Under the Hood: The Technologies Behind the REMOTE Trial

Applied Clinical Trials

When choosing a technology for a patient-facing clinical trial, the selection of the most appropriate data collection tool for the population using the study drug is a major factor. And in a trial of OAB, subjects are primarily women in their 60s. To self-report information, the eDiary device that was chosen was a Nokia cell phone. The phones were all preprogrammed for local languages, timed messaging, and text reminders for subjects to record medications, volume of urine, and other protocol-specific data. The data is then transmitted in real time to Mytrus.

Pfizer chose Exco InTouch based on its previous experience of using its technology in another trial. In designing their part of the virtual program, Exco CEO Tim Davis said, “We had to think creatively. There would be no direct interaction with the patient, meaning the site nurse wouldn’t be there to train the patient on the device since the trial isn’t site-based. We created an interactive training module on a DVD that came with the phone.” Davis also said that they engineered the product and process so the patient could do as much as possible out of the box and to reduce the number of calls made to the call center that Mytrus was running.

Exco used a preformatted, publicly available paper-based questionnaire that it adapted internally for ePRO use and translated to the mobile phone. Pfizer then validated the questionnaire and device in accordance with FDA’s Final Guidance for PRO.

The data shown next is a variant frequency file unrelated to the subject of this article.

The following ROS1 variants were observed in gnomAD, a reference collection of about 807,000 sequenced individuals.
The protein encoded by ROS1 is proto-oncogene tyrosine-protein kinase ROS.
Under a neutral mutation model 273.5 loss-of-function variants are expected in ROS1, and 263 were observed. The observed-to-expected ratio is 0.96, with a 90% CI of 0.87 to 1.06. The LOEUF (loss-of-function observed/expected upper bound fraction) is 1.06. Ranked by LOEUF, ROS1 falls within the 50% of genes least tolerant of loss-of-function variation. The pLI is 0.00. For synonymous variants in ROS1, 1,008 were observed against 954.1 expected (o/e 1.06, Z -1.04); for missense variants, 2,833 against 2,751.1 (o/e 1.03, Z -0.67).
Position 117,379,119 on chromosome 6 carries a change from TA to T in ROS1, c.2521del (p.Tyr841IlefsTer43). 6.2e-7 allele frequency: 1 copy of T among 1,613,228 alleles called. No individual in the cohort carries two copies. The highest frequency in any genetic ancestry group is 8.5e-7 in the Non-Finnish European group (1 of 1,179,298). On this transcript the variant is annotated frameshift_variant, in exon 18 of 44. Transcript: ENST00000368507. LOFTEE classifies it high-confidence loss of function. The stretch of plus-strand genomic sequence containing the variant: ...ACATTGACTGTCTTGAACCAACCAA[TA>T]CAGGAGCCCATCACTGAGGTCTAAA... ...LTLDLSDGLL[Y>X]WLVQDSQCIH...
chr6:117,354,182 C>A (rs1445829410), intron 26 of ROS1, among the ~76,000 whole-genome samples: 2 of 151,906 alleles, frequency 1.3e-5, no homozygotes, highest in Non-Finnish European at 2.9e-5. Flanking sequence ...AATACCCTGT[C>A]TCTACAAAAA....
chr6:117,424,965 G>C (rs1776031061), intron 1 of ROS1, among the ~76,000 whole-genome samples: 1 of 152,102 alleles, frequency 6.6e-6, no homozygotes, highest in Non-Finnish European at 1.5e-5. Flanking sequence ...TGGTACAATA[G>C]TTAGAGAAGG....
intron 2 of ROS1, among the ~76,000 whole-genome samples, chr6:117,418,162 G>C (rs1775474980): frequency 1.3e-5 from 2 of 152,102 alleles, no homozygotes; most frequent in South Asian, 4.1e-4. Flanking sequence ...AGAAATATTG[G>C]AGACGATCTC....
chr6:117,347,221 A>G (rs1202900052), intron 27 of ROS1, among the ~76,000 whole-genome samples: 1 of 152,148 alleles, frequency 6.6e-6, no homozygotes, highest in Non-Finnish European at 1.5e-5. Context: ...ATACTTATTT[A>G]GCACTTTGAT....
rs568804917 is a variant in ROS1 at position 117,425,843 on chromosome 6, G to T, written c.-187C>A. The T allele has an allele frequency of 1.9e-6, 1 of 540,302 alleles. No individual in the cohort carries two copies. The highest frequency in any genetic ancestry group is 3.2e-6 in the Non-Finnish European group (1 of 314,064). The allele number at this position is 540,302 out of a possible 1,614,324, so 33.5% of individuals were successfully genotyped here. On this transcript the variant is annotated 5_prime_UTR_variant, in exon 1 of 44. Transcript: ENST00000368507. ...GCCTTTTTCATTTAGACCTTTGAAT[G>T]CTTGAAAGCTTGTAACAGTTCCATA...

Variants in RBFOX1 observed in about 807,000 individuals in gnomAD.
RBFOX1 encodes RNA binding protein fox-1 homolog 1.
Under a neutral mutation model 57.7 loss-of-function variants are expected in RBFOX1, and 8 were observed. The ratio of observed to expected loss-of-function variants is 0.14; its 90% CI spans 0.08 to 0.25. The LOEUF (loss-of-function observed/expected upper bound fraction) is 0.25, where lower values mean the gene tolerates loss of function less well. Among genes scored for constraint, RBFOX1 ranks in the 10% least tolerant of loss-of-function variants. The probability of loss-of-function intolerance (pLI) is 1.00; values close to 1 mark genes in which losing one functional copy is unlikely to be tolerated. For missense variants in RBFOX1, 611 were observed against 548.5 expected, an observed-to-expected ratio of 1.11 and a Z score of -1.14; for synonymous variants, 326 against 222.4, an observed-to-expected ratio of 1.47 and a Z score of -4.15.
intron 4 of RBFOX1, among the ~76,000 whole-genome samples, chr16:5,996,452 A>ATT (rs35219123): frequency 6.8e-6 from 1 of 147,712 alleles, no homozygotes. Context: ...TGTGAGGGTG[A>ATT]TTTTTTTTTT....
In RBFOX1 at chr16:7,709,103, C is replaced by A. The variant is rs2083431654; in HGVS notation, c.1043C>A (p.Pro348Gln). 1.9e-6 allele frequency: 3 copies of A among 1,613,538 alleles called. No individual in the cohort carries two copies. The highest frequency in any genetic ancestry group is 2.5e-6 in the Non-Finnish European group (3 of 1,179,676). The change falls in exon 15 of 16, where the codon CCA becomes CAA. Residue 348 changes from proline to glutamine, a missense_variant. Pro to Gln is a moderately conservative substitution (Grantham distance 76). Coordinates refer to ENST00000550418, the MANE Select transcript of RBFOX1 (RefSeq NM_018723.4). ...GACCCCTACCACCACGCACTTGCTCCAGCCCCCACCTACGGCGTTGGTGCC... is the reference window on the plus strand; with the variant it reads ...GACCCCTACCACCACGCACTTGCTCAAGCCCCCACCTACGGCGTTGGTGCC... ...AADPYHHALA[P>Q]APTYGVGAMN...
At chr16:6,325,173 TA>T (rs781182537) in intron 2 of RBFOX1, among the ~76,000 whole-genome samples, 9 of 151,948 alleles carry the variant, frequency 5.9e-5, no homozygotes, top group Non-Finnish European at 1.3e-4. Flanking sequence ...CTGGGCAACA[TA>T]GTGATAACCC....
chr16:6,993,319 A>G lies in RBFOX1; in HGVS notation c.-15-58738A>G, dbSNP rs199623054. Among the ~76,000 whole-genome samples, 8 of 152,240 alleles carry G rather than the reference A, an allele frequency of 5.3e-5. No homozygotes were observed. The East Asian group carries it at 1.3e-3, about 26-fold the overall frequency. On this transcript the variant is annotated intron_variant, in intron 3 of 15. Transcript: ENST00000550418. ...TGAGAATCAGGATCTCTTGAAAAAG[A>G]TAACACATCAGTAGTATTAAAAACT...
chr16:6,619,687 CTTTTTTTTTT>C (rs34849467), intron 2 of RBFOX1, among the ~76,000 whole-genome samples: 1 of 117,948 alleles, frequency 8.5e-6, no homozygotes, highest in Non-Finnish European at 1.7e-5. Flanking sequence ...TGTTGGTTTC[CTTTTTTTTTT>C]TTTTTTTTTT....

Keeping patients happy
Ease of use for a cell phone is good for patients in a trial, but effective and efficient payment is another way to keep subjects happy. Eighty-five to 90% of clinical trials have a stipend or travel reimbursement to compensate subjects for their participation. While reimbursement amounts may not be large from the perspective of industry professionals, the payments can still make a difference to a volunteer. Greenphire CEO Sam Whitaker said, “Many studies typically deliver reimbursements on a monthly or even quarterly basis. And it may only be $50, but even four to six weeks can be a long time for a patient to wait to receive his payment, especially when a real cost is incurred to participate, and for these patients, $50 is important.”

Thus the heart of Greenphire’s ClinCard System, designed to execute clinical subject payment and subject messaging, is to improve the patient’s—and the site’s—study experience. Its ability to implement an automatic, electronic, patient-facing tool for a clinical trial is why Greenphire was chosen to deliver subject payments for the REMOTE trial. While Greenphire’s ClinCard system includes text messaging and reminders, for the REMOTE trial, the ClinCard’s functionality is limited to delivering subject payments. Greenphire works directly with Mytrus, and the ClinCard that is distributed to the participants based on subject IDs is Mytrus-branded and funded.

The remaining technology piece comes from Perceptive Informatics. According to Bill Byrom, Senior Director, Product Strategy at Perceptive Informatics, the company is providing core clinical trial technology applications, RTSM and EDC, to support the trial, and is working closely with Pfizer to serve as the central integration point for joining all third-party technology applications to present a seamless eClinical solution.

The RTSM system controls the assignment of medication to patients and tracks direct-to-patient dispatch and receipt through integration with the patient−Web interface delivered by Mytrus. This enables the single central investigator to effectively manage the direct-to-patient medication shipment and dispensing process.

“We have integrated all third-party data—central laboratory, ePRO (Exco InTouch), Mytrus for patient self-reported data, and telephone consultations data—to enable our underlying EDC application to consolidate and report the full clinical data for each patient enrolled, providing remote monitoring and central management of all the data from the trial,” said Byrom.